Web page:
Hence I should indulge in my standard gripe that foreign students get a rawer deal in the First World, particularly if their disadvantages are compounded by circumstances of race, class, and sexuality, but then I should also be the first to know that there are enough exceptions around to challenge this notion; moreover, I have somehow come to suspect such universalizing tendencies as not entirely free of false modesty and reverse egotism – something on the order of one’s being ennobled by having suffered more than others did.

As far as I can relate, then, my growth as an academic (which did not start only after I left my home country – an obvious point which I feel cannot be overemphasized) did not strictly observe the pattern presented by this book. That is, I did not start out obsessed with “Subjectivities,” refining these further with “Specificities,” and finally graduating (as I have not, yet) with “Sexualities,” just as I never began consuming and commenting on foreign movies only upon leaving the Philippines. It might be more accurate to say that I was always sexual and subjective from the start, and am still concerned at present with questions of history and cultural distinction – questions that fortunately tend to cut across barriers of nation, culture, and period. On an even more literal level, if one were to chronologize the essays compiled here, one would have to keep leaping from one category to another, even crossing halfway around the world at certain points.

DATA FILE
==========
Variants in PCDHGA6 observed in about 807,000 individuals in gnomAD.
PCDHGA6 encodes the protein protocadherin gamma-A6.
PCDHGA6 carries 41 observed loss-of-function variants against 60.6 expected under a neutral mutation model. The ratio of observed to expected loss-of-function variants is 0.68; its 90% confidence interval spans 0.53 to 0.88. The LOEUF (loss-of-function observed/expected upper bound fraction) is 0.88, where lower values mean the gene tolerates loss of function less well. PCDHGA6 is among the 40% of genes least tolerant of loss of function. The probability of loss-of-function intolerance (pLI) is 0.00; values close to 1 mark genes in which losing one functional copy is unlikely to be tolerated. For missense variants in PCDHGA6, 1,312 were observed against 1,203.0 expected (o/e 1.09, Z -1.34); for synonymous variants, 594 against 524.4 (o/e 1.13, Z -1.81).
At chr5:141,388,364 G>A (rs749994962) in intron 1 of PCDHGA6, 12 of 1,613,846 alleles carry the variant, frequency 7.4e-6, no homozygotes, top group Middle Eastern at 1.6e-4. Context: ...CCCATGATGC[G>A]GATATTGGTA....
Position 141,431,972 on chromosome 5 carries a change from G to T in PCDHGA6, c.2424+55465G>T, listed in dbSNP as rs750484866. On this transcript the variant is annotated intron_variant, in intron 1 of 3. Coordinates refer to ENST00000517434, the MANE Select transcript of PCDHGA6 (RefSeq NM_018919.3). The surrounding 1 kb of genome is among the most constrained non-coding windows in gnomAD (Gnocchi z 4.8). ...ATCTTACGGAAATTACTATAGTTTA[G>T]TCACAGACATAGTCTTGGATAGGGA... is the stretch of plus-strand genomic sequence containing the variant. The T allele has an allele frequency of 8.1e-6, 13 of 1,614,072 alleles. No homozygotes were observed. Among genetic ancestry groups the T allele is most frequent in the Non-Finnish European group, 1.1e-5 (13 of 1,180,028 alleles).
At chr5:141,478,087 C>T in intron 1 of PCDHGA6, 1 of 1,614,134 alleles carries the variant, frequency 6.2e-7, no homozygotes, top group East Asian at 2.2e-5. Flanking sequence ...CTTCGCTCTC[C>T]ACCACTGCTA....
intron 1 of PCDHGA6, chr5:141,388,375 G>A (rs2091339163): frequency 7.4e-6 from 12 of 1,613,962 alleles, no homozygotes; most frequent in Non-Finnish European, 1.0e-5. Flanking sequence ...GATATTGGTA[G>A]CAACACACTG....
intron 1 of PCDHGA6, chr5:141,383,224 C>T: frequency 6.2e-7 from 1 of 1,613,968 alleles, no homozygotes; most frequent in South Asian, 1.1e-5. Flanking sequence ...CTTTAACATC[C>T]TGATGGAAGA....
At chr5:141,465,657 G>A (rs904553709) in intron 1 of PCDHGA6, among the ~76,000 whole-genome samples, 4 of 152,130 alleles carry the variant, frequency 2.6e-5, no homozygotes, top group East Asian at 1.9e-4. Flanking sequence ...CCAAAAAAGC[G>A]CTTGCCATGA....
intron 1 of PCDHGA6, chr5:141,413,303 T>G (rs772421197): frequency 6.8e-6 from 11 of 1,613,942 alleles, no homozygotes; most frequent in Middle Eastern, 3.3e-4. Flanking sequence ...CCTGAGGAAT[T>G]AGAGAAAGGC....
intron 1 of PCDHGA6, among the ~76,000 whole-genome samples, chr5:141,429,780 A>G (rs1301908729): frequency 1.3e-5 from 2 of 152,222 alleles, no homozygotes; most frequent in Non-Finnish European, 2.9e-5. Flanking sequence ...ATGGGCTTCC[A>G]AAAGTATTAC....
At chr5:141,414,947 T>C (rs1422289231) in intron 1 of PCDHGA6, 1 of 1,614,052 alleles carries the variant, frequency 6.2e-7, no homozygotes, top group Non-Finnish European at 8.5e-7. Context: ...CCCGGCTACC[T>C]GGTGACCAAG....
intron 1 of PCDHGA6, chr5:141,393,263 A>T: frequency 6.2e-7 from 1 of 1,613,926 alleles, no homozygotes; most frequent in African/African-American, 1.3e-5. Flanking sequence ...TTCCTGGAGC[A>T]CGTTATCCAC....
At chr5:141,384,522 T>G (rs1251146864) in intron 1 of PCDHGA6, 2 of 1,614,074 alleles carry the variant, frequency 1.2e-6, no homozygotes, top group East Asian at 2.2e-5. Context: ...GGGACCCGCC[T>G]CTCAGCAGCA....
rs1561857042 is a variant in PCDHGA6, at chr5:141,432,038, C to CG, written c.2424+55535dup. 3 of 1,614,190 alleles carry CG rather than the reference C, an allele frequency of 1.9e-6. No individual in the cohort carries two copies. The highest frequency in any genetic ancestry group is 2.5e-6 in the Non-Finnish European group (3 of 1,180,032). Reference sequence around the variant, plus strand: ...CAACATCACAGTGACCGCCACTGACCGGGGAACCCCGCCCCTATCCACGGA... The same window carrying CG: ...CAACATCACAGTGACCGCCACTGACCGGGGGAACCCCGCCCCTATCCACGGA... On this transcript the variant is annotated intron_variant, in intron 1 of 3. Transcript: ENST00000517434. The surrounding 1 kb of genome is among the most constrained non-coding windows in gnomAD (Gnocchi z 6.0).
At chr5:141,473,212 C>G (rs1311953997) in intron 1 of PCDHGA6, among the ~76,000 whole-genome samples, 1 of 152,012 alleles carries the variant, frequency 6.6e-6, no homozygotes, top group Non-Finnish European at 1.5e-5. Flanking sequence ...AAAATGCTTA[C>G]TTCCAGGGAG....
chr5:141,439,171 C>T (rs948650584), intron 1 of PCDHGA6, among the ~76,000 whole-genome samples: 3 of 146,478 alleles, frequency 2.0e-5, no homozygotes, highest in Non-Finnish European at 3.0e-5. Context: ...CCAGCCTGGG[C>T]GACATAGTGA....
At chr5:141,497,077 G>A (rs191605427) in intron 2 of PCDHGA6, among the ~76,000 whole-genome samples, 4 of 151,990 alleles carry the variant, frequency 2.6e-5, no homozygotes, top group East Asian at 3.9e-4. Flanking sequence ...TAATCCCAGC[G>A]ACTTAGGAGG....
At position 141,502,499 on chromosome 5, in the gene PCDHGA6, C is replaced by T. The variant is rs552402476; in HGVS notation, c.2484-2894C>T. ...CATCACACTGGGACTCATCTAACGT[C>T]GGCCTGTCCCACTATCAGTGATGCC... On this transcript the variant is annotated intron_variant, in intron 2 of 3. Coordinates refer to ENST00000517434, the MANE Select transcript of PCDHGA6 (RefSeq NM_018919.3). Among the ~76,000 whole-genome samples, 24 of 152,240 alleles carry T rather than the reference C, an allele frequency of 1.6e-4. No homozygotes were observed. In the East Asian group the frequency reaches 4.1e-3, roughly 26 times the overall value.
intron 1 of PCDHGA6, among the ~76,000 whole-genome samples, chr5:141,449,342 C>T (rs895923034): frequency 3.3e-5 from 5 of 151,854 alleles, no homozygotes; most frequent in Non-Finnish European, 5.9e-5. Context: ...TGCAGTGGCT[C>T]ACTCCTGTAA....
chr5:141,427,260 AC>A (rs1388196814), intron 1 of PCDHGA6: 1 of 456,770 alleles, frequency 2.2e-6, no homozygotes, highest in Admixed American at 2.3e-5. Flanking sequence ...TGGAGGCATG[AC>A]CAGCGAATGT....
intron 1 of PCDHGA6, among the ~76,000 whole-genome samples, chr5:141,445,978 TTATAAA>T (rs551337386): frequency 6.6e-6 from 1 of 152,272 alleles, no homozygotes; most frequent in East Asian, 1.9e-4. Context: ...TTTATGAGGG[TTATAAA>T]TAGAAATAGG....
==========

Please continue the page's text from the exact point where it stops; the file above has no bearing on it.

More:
These categories then are necessarily artificial designations – a fact that applies not just to the basic principle of cultural studies in general, but to the purposes of the individual essays in particular. More than in the case of my previous books, I find myself wishing each one (some more than others) were inventive and self-sufficient enough to stand independent of the rest. In the end, I find myself countering that such is the function of a collection, where each piece serves to complete and is completed by the others, and where any exceptions should actually be the ones that do not belong. My personal favorites (perhaps the most fluid qualifier of all) seem to be the ones that happen to raise issues that critical writing and analysis can never hope to answer by themselves. A psychoanalyst might be able to establish deeper and darker reasons for such an outlook; to the best of my knowledge, the only thing I can recognize on my part is a desire to keep at it, meaning productive discourse, with the prospect of failure a necessary risk and that of success an outcome of good timing, better luck, and the best possible readership (“best” here denoting as much generosity and patience as intellectual ardency). Given such undue fatalism, even I might not be able to tell what kind of critical project I could be able to come up with next. This finally is where the reader steps in.